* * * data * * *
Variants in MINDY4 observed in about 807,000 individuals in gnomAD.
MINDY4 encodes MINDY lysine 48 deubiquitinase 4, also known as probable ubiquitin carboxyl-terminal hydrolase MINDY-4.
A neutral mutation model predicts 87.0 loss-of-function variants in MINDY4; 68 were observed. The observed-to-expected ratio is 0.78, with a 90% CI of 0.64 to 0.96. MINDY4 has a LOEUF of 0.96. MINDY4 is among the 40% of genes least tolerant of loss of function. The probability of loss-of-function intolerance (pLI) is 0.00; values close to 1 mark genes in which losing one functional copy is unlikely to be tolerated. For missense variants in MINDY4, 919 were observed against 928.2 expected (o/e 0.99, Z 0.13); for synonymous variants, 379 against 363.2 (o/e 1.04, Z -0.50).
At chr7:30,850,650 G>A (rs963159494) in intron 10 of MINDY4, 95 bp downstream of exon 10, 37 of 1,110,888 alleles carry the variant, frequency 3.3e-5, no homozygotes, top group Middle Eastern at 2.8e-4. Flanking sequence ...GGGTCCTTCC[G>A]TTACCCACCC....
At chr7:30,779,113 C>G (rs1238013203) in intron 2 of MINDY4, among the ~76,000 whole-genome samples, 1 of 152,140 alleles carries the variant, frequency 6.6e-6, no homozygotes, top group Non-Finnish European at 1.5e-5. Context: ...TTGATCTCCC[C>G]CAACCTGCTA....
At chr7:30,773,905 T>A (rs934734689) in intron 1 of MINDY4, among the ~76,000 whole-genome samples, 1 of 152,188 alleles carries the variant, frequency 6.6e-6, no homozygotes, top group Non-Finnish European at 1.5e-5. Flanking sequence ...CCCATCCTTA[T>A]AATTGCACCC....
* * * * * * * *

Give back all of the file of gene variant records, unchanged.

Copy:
Variants in MINDY4 observed in about 807,000 individuals in gnomAD.
MINDY4 encodes MINDY lysine 48 deubiquitinase 4, also known as probable ubiquitin carboxyl-terminal hydrolase MINDY-4.
A neutral mutation model predicts 87.0 loss-of-function variants in MINDY4; 68 were observed. The observed-to-expected ratio is 0.78, with a 90% CI of 0.64 to 0.96. MINDY4 has a LOEUF of 0.96. MINDY4 is among the 40% of genes least tolerant of loss of function. The probability of loss-of-function intolerance (pLI) is 0.00; values close to 1 mark genes in which losing one functional copy is unlikely to be tolerated. For missense variants in MINDY4, 919 were observed against 928.2 expected (o/e 0.99, Z 0.13); for synonymous variants, 379 against 363.2 (o/e 1.04, Z -0.50).
At chr7:30,850,650 G>A (rs963159494) in intron 10 of MINDY4, 95 bp downstream of exon 10, 37 of 1,110,888 alleles carry the variant, frequency 3.3e-5, no homozygotes, top group Middle Eastern at 2.8e-4. Flanking sequence ...GGGTCCTTCC[G>A]TTACCCACCC....
At chr7:30,779,113 C>G (rs1238013203) in intron 2 of MINDY4, among the ~76,000 whole-genome samples, 1 of 152,140 alleles carries the variant, frequency 6.6e-6, no homozygotes, top group Non-Finnish European at 1.5e-5. Context: ...TTGATCTCCC[C>G]CAACCTGCTA....
At chr7:30,773,905 T>A (rs934734689) in intron 1 of MINDY4, among the ~76,000 whole-genome samples, 1 of 152,188 alleles carries the variant, frequency 6.6e-6, no homozygotes, top group Non-Finnish European at 1.5e-5. Flanking sequence ...CCCATCCTTA[T>A]AATTGCACCC....